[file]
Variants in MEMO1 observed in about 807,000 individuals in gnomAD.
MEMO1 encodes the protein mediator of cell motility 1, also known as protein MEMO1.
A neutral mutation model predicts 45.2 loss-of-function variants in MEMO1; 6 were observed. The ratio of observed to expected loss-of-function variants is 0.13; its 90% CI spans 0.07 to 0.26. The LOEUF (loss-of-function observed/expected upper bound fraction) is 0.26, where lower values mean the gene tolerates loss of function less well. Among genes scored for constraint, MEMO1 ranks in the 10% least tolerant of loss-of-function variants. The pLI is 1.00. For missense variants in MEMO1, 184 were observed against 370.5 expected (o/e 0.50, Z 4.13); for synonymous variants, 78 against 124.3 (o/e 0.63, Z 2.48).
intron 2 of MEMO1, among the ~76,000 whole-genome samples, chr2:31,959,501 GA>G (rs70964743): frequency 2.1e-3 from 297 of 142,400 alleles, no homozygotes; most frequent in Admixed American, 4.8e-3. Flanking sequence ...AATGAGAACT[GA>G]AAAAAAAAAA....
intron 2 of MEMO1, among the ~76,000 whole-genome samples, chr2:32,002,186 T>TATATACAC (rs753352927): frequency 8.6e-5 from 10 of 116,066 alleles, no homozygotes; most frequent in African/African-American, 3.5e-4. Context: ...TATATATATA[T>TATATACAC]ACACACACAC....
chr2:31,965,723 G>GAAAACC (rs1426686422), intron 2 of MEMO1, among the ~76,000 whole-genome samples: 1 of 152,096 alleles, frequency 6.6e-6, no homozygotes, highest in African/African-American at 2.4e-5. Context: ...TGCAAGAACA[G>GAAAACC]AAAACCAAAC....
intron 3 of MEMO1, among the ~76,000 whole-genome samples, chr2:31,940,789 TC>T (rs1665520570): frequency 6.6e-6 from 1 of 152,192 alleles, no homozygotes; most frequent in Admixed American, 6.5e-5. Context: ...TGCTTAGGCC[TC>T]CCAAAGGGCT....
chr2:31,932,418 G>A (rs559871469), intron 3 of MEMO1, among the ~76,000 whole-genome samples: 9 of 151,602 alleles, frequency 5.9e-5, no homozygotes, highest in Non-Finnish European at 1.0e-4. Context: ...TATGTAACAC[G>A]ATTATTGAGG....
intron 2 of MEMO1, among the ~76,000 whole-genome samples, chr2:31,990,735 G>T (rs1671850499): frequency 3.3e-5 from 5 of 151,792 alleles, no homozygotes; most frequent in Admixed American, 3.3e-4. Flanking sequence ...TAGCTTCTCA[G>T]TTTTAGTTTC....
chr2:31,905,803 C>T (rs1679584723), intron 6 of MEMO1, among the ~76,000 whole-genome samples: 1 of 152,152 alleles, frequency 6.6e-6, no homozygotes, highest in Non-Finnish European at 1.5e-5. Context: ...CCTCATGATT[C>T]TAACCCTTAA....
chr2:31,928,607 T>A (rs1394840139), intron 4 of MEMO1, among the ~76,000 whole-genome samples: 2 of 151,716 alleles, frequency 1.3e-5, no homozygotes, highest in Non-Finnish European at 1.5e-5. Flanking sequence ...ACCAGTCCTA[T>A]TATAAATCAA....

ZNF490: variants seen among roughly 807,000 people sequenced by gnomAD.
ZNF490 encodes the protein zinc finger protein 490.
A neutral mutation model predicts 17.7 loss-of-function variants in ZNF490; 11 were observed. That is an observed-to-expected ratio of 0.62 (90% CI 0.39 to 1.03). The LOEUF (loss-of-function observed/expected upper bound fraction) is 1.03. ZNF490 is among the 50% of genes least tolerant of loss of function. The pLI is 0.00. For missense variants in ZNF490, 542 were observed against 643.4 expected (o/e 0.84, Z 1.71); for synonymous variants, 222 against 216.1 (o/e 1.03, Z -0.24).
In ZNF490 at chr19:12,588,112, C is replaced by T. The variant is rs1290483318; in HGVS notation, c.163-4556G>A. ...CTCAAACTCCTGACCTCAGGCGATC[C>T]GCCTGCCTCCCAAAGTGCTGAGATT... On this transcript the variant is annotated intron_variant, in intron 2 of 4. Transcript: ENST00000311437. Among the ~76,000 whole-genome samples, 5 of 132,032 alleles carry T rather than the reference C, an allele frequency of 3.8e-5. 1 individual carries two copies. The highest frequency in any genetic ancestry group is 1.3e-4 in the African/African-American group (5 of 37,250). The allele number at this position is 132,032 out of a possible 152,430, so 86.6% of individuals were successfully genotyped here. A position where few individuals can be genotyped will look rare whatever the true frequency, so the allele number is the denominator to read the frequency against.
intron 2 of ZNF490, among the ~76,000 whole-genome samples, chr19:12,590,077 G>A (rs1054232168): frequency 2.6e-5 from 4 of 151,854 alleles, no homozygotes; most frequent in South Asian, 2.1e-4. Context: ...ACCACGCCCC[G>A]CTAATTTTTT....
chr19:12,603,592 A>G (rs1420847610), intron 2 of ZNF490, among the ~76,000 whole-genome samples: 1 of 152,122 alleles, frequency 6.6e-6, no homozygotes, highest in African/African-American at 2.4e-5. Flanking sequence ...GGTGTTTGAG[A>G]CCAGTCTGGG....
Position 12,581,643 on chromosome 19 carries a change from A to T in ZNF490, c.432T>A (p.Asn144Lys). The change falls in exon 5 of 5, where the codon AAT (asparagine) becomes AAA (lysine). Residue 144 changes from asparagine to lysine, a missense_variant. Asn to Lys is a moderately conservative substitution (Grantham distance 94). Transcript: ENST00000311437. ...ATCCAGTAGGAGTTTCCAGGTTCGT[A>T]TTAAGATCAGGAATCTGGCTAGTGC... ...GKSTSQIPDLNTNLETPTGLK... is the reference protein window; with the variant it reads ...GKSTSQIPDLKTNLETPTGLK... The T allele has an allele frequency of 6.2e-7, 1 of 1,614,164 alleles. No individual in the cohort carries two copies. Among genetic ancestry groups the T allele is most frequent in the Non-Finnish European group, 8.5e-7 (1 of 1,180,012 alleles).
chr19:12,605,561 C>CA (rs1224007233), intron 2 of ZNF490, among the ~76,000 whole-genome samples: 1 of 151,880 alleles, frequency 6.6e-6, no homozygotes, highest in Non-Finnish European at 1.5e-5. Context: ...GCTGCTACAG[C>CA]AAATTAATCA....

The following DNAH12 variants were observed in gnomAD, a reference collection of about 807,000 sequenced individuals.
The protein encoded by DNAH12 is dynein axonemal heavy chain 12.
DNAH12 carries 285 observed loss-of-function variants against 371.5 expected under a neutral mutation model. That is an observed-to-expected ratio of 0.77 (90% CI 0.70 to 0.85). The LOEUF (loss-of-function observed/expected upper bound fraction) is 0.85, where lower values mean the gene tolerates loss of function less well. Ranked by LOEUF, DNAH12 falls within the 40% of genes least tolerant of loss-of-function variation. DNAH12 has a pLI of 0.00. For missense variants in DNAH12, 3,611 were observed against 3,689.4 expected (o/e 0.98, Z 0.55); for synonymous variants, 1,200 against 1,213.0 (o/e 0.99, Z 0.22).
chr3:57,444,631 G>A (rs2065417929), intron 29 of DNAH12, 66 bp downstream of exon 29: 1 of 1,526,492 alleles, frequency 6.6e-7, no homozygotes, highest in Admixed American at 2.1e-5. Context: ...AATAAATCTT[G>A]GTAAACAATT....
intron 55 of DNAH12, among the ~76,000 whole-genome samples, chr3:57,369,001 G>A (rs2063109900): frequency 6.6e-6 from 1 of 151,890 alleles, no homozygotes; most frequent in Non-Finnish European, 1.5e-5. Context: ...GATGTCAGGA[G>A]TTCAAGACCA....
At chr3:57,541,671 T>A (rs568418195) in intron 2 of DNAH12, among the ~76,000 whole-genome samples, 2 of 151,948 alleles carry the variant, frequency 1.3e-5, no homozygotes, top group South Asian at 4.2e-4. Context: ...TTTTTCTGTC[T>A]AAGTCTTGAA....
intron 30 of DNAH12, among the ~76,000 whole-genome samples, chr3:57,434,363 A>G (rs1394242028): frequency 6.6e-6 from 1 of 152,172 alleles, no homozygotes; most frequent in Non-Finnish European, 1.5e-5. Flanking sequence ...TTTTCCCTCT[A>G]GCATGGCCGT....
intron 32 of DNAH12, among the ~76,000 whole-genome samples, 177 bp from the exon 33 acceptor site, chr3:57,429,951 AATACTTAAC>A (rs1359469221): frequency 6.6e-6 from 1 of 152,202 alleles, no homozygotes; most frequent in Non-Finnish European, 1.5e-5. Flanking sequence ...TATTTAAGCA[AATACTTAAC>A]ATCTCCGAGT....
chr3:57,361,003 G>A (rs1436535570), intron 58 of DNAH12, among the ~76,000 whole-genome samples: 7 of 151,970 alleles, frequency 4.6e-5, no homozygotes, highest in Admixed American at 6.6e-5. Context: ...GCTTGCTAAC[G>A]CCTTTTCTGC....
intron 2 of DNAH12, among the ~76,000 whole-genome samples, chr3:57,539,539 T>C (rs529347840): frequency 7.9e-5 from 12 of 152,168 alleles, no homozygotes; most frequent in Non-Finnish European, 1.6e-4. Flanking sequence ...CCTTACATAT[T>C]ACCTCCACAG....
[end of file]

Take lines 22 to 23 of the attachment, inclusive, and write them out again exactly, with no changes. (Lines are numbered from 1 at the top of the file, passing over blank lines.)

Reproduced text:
DNAH12 carries 285 observed loss-of-function variants against 371.5 expected under a neutral mutation model. That is an observed-to-expected ratio of 0.77 (90% CI 0.70 to 0.85). The LOEUF (loss-of-function observed/expected upper bound fraction) is 0.85, where lower values mean the gene tolerates loss of function less well. Ranked by LOEUF, DNAH12 falls within the 40% of genes least tolerant of loss-of-function variation. DNAH12 has a pLI of 0.00. For missense variants in DNAH12, 3,611 were observed against 3,689.4 expected (o/e 0.98, Z 0.55); for synonymous variants, 1,200 against 1,213.0 (o/e 0.99, Z 0.22).
chr3:57,444,631 G>A (rs2065417929), intron 29 of DNAH12, 66 bp downstream of exon 29: 1 of 1,526,492 alleles, frequency 6.6e-7, no homozygotes, highest in Admixed American at 2.1e-5. Context: ...AATAAATCTT[G>A]GTAAACAATT....